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Last Kingdom Is Over, & Medieval TV Is Ready For The Rise Of William The Conqueror

On May 6th, the coronation of King Charles III took place at London's Westminster Abbey. For the first time in history — and in a move that some called out of touch — the general public was (initially) asked to join the event and pledge allegiance to the new monarch. It's easy to see why this brand new concept (homage is traditionally paid solely by the king's peers) was wholly at odds with modern democratic ideals: swearing one's personal allegiance to a monarch in a bit of performative feudalism is ... to say the least, a bit antiquated. Yet, however one felt about May 6th's display of tradition and religious pageantry, its controversies pale in comparison to the first coronation ever held at Westminster.

That ceremony took place on Christmas Day in 1066, and the newly anointed monarch at its center, a foreign duke named William, boasts a story that television — particularly in the wake of "The Last Kingdom" — would be remiss to snub. Part of what made "The Last Kingdom" so compelling was its ability to maintain the ambition and excitement of epic narrative while refusing to reduce complex historical figures and conflicts to simplistic caricatures. "The Last Kingdom," like the reality it depicts, is not a story of "heroes" and "villains," but of believably conflicted characters with drastically different motivations and worldviews — one whose very telling asks important, still-relevant questions about how those motivations and worldviews have led us to where we are today. It left behind a thread that William's story might easily pick up: not only is the Norman conquest the logical, chronological next chapter in TV's ongoing love affair with medieval Europe, it's also a narrative with a built-in structural advantage, enormous consequences, and a variety of lenses through which storytellers might view it. 

Who is William the Conqueror, exactly?

If one boils the story of William the Conqueror down to its essentials, it looks something like this: in 1066, the death of the English king Edward the Confessor caused a succession crisis. On his deathbed, Edward named his advisor, Earl Harold Godwinson, his successor. This infuriated the duke of Normandy (aka William) who insisted that Edward had named him successor many years prior, and that Harold had sworn an oath to uphold William's claim. Meanwhile, the Norse warrior king Harald Hardrada (yes, that is Harald Sigurdsson, the protagonist of "Vikings: Valhalla"), with the help of Harold Godwinson's estranged brother Tostig, also decided he had a claim to the English throne, owing to a pact that had been made between Edward's predecessor (Cnut's son, King Hardecanute), and Harald's own predecessor, king Magnus I of Norway. 

Battles ensued. Harold defeated Harald (and Tostig) at the Battle of Stamford bridge, but his success was short-lived. 19 days later, William defeated Harold at The Battle of Hastings. 

William became king, and England — an island that had previously been connected most predominantly to Scandinavia — became part of continental Europe. This set England up to become a major world power, going forward. At the time, though, the English didn't exactly welcome their conqueror with open arms. In fact, William spent a good deal of his reign trying to instill and maintain order, an endeavor that involved everything from violent subjugation, particularly in the north, to political pot sweetening and cooperation.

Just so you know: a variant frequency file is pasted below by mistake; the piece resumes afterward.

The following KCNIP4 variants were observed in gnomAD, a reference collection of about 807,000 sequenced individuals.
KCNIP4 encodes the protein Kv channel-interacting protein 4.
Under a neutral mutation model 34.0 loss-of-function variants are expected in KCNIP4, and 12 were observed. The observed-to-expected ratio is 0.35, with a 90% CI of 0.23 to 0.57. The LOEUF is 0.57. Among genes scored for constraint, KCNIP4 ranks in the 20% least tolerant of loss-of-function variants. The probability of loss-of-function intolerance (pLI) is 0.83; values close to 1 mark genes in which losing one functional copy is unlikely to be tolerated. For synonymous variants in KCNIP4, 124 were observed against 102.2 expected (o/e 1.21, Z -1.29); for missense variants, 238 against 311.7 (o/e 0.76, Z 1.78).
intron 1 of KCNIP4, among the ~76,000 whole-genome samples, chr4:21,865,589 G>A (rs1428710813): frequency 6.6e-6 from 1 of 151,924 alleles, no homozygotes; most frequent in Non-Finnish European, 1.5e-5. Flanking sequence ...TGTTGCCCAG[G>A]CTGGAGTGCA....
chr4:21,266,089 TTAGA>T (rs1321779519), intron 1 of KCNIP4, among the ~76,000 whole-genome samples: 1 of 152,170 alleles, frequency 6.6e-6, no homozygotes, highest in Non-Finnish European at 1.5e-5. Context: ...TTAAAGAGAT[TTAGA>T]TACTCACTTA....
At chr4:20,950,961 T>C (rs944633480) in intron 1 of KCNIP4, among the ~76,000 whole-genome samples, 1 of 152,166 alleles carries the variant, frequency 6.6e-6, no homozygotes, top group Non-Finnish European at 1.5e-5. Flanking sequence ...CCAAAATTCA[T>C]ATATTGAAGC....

There is, of course, much more to the story, and many disputing perspectives. First, though, we must begin at the beginning of William's story. Like so many historical figures who've been mythologized over the years, William's origins are the stuff that television dreams are made of.

William's story begins, fittingly enough, with a prophecy

In the late 1020s, a Viking named Cnut sat on the throne of England. Meanwhile, in Normandy — a northern province of (modern-day) France settled by Vikings in the early 10th century — a nobleman named Robert became duke, following the mysterious death of his older brother. Robert never married, and thus, his children were technically bastards. In fact, Robert did not even marry the love of his life, a woman named Herleve (or Herleva) who belonged to a lower social class. Legend claims she was the local tanner's daughter, and Robert's love for Herleve appears to have superseded the young duke's desire to make more pragmatic or political marriage arrangements that would've secured his inheritance.

Around 1028, when Herleve became pregnant with the duke's first child, she had a dream. In it, as William of Malmesbury wrote in 1125, "Her intestines were stretched out, and extended over the whole Normandy and England" (Hickey, p. 20). In two more early 12th-century sources, the imagery is described, rather more poetically, as a giant tree with colossal branches: "It overshadowed the whole of Normandy and the sea and the great English land" (via İslam Kavas' "Trees, Intestines and William the Conquerer"). 

In the wake of William's conquest of England, his mother's prophetic dream would be used to further justify his actions, and to cement his reputation as a figure of destiny. Oddly enough — and in a turn of events tailor made for prestige TV's affinity for mirroring and parallels, Herleve is not the only character in this story to engage in arboreal prophecy.

The tree prophecies in William's story don't end there

If, in Normandy, our story begins with the fruits of a passionate love affair, in England, it begins with an inconvenient lack of said fruit. That is, it begins with the death of a childless monarch, the last King of the House of Wessex, Edward. 

Edward was the son of King Aethelred from the king's (second) marriage to Emma of Normandy — yes, that Emma, portrayed by Laura Berlin in "Vikings: Valhalla." Emma married Cnut following Aethelred's death, and her sons by him were now in competition with both Cnut's sons from his relationship with Aeflgifyu of Northampton, and with the line Aethelred had established via his first marriage.  When Edward eventually came to power, it required help from England's most influential nobles, a scheming earl of Wessex named Godwin chief amongst them. Indebted, Edward married Godwin's daughter Edith, and gave Godwin's son — as in, Harold Godwinson — an earldom.